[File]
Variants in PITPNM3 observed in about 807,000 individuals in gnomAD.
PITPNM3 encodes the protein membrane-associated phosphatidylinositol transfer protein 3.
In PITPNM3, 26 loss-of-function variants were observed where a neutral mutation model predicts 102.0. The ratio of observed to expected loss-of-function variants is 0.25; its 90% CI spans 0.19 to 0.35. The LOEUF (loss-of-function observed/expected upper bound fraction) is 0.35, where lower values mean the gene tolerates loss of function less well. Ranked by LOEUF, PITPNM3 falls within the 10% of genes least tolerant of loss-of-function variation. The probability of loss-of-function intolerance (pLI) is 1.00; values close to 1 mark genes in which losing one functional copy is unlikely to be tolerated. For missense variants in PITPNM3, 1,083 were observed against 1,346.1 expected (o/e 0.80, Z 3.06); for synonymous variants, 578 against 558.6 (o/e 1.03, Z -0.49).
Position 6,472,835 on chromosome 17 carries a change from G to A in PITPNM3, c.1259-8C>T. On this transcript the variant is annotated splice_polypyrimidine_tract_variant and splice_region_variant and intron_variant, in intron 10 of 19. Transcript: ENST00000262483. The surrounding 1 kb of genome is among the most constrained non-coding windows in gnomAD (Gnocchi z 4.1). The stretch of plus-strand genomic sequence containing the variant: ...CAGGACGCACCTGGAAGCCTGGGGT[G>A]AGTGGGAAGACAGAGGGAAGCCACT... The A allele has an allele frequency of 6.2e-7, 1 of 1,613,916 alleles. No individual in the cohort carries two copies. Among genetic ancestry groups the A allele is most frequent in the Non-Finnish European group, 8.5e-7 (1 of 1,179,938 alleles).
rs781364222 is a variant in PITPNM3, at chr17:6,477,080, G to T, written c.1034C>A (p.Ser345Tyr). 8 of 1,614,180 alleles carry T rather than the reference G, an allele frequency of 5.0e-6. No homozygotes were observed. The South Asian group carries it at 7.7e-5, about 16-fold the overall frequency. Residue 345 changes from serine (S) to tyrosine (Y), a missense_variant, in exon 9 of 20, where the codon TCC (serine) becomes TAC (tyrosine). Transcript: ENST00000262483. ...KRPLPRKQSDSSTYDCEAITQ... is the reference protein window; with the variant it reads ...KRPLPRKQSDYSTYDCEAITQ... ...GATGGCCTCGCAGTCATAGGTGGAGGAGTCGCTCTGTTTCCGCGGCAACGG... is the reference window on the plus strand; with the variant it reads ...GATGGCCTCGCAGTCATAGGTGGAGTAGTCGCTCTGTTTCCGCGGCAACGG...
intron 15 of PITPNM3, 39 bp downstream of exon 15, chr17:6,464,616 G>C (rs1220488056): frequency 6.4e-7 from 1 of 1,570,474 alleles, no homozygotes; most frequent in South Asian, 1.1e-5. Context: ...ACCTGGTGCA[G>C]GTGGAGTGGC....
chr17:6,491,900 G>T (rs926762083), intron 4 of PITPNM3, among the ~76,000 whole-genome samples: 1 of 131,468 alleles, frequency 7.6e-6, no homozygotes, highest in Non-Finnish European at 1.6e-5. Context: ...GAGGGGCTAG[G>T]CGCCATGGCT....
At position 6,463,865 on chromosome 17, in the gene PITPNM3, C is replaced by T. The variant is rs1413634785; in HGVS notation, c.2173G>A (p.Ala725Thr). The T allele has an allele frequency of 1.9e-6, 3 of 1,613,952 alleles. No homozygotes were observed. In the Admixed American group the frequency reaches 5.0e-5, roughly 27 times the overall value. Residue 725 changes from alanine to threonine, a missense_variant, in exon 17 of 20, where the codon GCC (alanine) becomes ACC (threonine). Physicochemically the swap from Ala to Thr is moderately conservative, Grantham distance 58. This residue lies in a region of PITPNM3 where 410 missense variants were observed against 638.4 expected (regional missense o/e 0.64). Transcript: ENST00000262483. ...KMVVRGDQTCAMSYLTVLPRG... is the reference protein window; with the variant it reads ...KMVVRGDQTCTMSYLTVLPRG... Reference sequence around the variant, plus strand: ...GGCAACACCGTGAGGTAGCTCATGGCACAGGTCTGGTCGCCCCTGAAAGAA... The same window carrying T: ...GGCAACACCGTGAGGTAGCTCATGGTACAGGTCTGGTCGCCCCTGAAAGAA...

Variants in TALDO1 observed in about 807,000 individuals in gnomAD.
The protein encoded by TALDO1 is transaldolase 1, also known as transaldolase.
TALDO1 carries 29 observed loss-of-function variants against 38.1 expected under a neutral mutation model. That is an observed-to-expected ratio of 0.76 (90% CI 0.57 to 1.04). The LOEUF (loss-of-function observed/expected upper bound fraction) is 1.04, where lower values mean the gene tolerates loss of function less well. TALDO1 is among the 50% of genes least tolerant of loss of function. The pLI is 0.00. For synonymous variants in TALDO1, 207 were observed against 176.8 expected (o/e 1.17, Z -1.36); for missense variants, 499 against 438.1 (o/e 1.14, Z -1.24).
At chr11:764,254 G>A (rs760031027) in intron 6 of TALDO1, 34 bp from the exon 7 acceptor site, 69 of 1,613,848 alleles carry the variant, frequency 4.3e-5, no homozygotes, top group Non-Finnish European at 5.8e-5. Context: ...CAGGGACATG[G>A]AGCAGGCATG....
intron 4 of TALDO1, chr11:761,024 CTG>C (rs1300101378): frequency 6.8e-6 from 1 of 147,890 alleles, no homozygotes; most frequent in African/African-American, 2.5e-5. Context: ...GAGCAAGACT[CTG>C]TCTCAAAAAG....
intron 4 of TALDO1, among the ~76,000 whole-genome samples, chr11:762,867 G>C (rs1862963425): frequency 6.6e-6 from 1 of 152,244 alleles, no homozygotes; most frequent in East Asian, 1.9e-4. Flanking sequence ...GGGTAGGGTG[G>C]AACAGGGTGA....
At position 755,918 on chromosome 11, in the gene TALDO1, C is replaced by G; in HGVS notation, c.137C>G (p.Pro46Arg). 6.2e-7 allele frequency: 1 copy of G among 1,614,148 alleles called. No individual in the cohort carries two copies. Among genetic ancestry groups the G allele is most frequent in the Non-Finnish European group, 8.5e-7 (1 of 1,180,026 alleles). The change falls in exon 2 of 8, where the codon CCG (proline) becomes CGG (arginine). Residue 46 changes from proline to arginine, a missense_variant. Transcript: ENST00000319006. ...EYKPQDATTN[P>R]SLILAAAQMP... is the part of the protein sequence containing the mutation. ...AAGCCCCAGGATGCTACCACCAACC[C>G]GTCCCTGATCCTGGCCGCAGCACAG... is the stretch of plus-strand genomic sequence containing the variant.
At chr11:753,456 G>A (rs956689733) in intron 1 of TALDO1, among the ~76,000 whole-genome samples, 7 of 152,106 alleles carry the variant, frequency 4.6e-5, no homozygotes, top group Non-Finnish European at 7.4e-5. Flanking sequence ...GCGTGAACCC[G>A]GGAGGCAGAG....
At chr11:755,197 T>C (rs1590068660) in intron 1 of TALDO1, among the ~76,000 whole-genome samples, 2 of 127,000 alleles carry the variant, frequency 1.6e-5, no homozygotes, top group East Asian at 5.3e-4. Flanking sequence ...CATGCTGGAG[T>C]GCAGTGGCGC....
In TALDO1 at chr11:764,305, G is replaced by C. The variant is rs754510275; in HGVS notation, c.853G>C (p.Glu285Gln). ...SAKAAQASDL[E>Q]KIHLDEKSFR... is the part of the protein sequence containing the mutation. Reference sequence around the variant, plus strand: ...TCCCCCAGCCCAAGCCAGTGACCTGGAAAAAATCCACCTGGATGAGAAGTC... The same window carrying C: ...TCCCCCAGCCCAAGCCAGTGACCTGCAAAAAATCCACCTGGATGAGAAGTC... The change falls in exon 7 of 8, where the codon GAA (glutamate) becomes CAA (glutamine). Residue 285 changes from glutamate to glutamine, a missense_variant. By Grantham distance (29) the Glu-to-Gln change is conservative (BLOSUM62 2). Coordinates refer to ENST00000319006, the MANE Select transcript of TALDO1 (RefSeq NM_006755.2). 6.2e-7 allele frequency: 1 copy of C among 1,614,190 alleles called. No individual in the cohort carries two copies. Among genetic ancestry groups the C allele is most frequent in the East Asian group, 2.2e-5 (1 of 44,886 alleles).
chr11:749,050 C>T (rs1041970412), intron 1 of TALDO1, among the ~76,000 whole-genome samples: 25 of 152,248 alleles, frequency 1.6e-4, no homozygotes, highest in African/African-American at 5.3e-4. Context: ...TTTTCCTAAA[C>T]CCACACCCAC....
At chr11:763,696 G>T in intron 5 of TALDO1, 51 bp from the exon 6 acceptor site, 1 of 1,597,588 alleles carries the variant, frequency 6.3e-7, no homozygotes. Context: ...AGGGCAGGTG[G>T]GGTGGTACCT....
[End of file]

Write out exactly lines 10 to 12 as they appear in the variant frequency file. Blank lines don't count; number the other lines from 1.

The protein encoded by TALDO1 is transaldolase 1, also known as transaldolase.
TALDO1 carries 29 observed loss-of-function variants against 38.1 expected under a neutral mutation model. That is an observed-to-expected ratio of 0.76 (90% CI 0.57 to 1.04). The LOEUF (loss-of-function observed/expected upper bound fraction) is 1.04, where lower values mean the gene tolerates loss of function less well. TALDO1 is among the 50% of genes least tolerant of loss of function. The pLI is 0.00. For synonymous variants in TALDO1, 207 were observed against 176.8 expected (o/e 1.17, Z -1.36); for missense variants, 499 against 438.1 (o/e 1.14, Z -1.24).
At chr11:764,254 G>A (rs760031027) in intron 6 of TALDO1, 34 bp from the exon 7 acceptor site, 69 of 1,613,848 alleles carry the variant, frequency 4.3e-5, no homozygotes, top group Non-Finnish European at 5.8e-5. Context: ...CAGGGACATG[G>A]AGCAGGCATG....